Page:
Plans for Eurovision Asia are officially dead. While the EBU recently confirmed that the American Song Contest was due to debut in 2022, Australian broadcaster SBS has confirmed that an Asia-Pacific version of the song contest would no longer be going ahead.
Australia’s Head of Delegation Josh Martin confirmed the decision to TV Tonight. He told the website, “I think it’s fair to say we’ve rescinded our rights. We spent a number of years trying to figure out how to do it and then the global pandemic came along.”
He also explained the challenge in putting the contest together in the 21st century, far removed from the original motivation behind the Eurovision Song Contest. He said, “It’s very different to the way Eurovision started post-World War Two, as a means of bringing people together. There was a real purpose in establishing it.”
Josh Martin also explained the geographical difficulties that hosting an Asia-Pacific contest posed. He said, “Eurovision Asia is difficult for a number of reasons: timezones, language barriers, all sorts of issues.”
This seemed to be the biggest hurdle for SBS. Martin said, “We tried so hard but that was one that we just could never quite pin down.”
But Martin explains, this isn’t out of the ordinary for the television industry. He explained, “It’s kind of like any TV show. You put a lot of things into development, and not all of them get up. So that was one that we could not, for whatever reason, make work.”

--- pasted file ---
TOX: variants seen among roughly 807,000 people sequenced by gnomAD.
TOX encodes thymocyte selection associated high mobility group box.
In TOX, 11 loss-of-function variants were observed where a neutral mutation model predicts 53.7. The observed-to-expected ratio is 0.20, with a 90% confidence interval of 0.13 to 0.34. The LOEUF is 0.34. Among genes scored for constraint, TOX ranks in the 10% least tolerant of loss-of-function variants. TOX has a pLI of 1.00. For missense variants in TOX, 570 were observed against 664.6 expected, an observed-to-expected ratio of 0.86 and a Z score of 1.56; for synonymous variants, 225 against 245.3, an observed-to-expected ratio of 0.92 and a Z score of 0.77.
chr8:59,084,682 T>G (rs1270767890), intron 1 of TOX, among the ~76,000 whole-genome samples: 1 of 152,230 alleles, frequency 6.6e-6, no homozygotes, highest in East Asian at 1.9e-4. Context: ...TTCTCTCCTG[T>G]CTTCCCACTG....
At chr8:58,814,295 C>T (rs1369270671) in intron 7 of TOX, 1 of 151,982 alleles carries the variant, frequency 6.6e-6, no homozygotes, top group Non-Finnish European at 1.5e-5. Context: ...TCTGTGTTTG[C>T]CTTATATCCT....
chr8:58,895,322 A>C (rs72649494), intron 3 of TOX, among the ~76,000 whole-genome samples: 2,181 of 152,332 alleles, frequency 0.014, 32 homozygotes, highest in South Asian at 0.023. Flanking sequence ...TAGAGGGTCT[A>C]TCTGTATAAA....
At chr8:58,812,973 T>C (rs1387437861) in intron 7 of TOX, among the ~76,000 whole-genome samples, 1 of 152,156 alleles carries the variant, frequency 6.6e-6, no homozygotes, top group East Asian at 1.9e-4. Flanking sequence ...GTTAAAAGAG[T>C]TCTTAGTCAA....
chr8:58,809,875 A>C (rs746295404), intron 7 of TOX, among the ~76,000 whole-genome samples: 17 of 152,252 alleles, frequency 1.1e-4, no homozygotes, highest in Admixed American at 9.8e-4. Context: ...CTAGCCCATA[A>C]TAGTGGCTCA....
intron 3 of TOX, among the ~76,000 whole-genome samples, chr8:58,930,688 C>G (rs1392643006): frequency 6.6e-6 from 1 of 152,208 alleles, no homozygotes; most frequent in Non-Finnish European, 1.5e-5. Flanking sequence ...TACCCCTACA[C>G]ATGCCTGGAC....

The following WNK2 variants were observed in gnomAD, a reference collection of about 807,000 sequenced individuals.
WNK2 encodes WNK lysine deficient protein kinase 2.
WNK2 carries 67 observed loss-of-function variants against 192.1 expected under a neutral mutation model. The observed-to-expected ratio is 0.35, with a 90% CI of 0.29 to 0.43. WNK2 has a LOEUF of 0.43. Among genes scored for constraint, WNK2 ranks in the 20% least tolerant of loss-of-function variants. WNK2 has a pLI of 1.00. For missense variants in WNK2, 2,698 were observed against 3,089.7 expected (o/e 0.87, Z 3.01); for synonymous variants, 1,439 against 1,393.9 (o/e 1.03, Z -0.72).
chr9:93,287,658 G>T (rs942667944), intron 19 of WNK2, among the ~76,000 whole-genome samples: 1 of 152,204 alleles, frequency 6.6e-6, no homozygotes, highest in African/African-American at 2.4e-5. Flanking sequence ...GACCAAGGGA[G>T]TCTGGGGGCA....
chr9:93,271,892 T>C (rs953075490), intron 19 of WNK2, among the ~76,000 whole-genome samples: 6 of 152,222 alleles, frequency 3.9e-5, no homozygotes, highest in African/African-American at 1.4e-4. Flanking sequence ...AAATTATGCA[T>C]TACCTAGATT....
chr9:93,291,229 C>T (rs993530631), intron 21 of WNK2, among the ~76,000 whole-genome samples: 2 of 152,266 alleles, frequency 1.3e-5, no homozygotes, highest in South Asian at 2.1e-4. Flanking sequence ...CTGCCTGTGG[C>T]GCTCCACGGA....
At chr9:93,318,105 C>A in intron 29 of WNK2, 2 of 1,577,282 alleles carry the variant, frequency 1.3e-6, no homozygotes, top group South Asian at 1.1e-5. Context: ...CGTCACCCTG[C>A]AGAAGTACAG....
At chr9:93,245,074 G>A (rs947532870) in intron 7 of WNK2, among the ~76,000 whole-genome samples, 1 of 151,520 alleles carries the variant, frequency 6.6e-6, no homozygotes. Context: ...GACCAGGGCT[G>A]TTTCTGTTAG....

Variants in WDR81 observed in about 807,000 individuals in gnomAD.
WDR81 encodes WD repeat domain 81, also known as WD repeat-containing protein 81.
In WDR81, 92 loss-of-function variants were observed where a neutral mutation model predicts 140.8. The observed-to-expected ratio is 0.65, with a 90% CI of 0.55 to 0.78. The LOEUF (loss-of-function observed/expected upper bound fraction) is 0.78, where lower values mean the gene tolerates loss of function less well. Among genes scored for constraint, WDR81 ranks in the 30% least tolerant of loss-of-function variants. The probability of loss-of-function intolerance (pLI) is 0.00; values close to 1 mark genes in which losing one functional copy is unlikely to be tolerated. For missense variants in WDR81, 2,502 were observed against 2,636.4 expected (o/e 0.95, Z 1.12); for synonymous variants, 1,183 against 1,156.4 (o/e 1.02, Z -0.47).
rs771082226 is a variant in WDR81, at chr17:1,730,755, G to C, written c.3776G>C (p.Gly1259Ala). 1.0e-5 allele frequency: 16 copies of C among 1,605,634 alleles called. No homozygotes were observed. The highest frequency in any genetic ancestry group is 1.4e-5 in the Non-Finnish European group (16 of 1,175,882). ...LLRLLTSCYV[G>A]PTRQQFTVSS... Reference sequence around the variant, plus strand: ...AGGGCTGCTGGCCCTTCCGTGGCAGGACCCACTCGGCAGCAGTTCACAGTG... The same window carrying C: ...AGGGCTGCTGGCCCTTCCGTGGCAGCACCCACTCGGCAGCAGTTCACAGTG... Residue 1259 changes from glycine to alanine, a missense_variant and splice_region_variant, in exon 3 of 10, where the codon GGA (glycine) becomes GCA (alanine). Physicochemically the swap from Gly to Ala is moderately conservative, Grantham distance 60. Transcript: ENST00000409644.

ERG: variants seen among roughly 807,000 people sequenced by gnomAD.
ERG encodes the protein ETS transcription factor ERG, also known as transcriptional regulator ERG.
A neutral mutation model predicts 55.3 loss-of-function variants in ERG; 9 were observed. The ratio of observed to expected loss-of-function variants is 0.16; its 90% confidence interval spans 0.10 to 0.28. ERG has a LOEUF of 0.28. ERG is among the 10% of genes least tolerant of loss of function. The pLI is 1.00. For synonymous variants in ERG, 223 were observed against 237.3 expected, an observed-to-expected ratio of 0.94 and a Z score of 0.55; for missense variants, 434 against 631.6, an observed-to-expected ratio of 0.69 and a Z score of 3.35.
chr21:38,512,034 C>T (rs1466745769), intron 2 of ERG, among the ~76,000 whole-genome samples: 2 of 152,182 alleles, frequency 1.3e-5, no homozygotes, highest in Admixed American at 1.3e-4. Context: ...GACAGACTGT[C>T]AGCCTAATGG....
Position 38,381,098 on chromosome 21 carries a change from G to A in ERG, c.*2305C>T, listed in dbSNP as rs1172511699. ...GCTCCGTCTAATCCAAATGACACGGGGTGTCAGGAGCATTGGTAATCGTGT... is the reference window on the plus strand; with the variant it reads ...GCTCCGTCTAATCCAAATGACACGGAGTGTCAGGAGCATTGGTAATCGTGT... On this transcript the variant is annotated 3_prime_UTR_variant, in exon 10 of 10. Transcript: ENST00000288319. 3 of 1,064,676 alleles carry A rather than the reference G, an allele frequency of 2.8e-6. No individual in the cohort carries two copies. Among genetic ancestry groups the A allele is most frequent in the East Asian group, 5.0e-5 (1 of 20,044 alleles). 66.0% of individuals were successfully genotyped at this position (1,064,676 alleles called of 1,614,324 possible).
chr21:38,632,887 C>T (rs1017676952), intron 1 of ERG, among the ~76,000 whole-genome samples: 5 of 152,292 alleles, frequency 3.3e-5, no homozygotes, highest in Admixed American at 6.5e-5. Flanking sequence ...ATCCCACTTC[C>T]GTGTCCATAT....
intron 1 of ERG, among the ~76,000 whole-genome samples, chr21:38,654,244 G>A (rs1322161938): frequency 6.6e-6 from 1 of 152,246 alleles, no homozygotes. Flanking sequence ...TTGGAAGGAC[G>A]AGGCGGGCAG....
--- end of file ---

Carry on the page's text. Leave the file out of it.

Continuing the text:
What was Eurovision Asia all about?
When the concept of Eurovision Asia was announced in March 2016, the excitement was huge. The contest would be another version of our beloved show but set on another continent. Fans immediately made wishlists, from Australia to Kyrgyzstan to Vietnam, hoping all of their favourite stars would participate.
However, it proved to be much less of a rose-coloured dream than anticipated. While the music industry of Asian countries is flourishing as never before, their regional political relations are fraught with difficulties. Since the initial announcement, the contest was delayed several times.
Eurovision Asia: an ambitious but troubled project
The first edition of Eurovision Asia was to be held in 2017, but it quickly appeared that this timeline was not realistic. Political tensions between the biggest potential participating countries were among the reasons why Eurovision Asia was delayed. Skim the surface and you’ll soon think about China’s contentious claims to much of the South China Sea, counter-claims from Vietnam, the Philippines, Brunei and others, Hong Kong’s evolving relationship with mainland China, Taiwan’s continued conflict with China, and more.
After the release of the EurovisionAsia.tv website and a theme artwork in Summer 2017, it seemed that the contest was finally close to happening. The website soon stopped being updated and no news post has appeared since October 2017.
In 2018, SBS Managing Director Michael Ebeid called Eurovision Asia “[his] one big disappointment”. On top of that, he called the contest “too geo-politically difficult”.
In 2019, following rumours that Eurovision Asia would take place in December, SBS confirmed to wiwibloggs that the show was still in development. Later that year, SBS also confirmed that its current Eurovision focus was the national final Australia Decides, not Eurovision Asia.
What do you think? Are you sad Eurovision Asia has been cancelled? Could the format still work? Tell us your thoughts below.